In the summer of 2011, Dunkirk newcomer and candidate for Common Council Stephanie Kiyak was a breath of fresh air. She talked about having a transparent government while serving as a watchdog for residents. For the most part as councilwoman at-large, she has lived up to those expectations.
When it comes to talking regionalism, however, she has become almost as territorial as neighboring Fredonia. Consider this statement she made to this newspaper two years ago regarding the division between the village and city:
"I don't understand the fractured thinking between Dunkirk and Fredonia. The old thinking needs to go away in all respects. ... (Dunkirk) is going to be doing a Garden Walk and I asked about participation with Fredonia. (The response was), 'Oh, they can do their own thing.'
Territorial Stephanie Kiyak now understands “the fractured thinking between Dunkirk and Fredonia.”
"I couldn't believe it.
"We're too small for this ... Fredonia is too small for us not to be in a comprehensive grouping. ... In South Florida, there's 13 million people. Our two communities have 24,000 and we can't get along?
Her mind-set, however, has taken a dramatic turn. Kiyak, who once lived in South Florida, has gone a little overboard when it comes to protecting Dunkirk's turf.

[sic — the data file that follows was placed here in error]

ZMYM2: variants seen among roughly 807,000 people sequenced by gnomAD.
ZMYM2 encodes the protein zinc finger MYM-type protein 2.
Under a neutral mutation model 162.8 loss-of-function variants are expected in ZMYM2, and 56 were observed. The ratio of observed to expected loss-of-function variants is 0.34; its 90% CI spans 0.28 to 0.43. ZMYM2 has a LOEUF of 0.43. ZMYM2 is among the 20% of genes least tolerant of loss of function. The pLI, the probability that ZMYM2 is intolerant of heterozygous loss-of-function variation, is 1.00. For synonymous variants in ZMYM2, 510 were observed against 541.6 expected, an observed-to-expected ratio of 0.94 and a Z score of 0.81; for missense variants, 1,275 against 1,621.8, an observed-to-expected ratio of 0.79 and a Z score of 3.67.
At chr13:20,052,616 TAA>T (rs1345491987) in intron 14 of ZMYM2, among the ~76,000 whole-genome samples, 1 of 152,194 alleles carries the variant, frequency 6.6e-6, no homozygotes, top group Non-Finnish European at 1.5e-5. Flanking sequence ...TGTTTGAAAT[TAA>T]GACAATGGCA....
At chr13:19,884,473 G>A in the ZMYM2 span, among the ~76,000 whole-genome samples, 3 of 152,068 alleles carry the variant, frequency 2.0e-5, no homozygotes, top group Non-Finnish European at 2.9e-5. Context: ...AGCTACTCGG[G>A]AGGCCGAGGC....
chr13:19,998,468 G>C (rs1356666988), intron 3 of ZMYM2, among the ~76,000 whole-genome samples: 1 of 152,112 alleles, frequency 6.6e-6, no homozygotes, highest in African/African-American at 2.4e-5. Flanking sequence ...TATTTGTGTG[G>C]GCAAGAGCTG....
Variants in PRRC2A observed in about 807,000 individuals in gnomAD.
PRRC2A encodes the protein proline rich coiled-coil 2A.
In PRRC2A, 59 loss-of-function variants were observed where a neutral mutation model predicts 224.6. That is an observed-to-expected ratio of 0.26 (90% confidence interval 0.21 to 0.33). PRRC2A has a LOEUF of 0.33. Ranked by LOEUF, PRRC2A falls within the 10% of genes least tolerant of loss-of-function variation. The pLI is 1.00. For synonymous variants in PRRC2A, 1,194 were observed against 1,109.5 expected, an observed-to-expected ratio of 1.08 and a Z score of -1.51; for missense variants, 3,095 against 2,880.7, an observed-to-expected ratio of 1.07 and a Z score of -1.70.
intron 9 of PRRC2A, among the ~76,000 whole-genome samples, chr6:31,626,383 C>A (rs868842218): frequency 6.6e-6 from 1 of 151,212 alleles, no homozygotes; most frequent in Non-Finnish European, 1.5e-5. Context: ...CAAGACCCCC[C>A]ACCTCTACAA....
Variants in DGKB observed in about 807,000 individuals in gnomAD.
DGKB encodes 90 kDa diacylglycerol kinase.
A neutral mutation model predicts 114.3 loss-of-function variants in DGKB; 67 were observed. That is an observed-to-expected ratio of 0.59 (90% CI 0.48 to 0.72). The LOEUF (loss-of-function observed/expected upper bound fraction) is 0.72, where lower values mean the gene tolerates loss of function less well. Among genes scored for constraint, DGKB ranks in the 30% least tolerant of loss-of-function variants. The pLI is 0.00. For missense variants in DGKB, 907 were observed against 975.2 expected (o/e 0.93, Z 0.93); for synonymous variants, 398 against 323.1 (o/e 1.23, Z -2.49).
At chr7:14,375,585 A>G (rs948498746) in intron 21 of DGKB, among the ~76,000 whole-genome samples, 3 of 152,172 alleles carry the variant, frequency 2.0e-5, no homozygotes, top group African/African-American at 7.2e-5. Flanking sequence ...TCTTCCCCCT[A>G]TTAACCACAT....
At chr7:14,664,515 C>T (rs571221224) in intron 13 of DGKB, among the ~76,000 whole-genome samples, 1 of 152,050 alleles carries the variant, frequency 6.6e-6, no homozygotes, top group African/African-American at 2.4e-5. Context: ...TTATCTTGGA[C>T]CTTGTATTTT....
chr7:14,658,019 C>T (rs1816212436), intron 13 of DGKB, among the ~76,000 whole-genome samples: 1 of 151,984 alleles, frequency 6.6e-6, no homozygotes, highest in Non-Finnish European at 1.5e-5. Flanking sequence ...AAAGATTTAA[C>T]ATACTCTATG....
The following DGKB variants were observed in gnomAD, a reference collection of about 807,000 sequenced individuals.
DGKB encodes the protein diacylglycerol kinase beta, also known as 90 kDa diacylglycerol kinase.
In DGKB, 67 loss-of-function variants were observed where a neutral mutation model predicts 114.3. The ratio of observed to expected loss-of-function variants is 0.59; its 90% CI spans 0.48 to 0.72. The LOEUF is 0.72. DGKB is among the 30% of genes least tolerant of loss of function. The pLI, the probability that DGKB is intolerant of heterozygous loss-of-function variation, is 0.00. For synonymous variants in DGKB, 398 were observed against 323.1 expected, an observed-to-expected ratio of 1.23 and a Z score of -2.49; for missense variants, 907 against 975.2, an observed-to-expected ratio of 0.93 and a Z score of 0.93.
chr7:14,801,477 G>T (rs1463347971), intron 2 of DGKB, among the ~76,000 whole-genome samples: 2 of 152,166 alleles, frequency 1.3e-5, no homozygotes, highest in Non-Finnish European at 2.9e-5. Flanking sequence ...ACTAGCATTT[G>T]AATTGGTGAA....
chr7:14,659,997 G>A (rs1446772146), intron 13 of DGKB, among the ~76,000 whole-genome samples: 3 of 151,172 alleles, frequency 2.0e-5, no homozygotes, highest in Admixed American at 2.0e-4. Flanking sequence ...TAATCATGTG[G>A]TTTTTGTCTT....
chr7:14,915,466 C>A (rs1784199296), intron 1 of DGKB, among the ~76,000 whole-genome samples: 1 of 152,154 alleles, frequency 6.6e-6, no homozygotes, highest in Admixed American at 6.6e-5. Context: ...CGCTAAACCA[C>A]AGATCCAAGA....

As councilwoman at-large, we anticipated her assisting Mayor Anthony J. Dolce in leading the charge for the Chadwick Bay Regional Development Corp. and its water district plans so this area can make some type of progress in looking as though we are ready to work together in the 21st century. Her response - after an authority with a board of 11 members was proposed at the last Chadwick Bay meeting - was overwhelmingly disappointing.
"Until I know what the details are and say 'yes, this makes sense for the rate users and the taxpayers of Dunkirk to be a part of your plan,' there's no way I'm going to consider creating a board that is going to oversee what that plan is going to be," she said.
But when it comes to regionalism, there has to be sacrifices from all those involved. Some of those sacrifices are not fair and some of those sacrifices can hinder revenues.
Without a sacrifice, however, there can never be progress.
We may have expected others on council to fight the sacrifice, but not Kiyak. She said two years ago while running for council that the region is "too small" for these battles over identities.
With her vocal opposition, she is now part of the territorial problem she so despised when running for office. What a shame.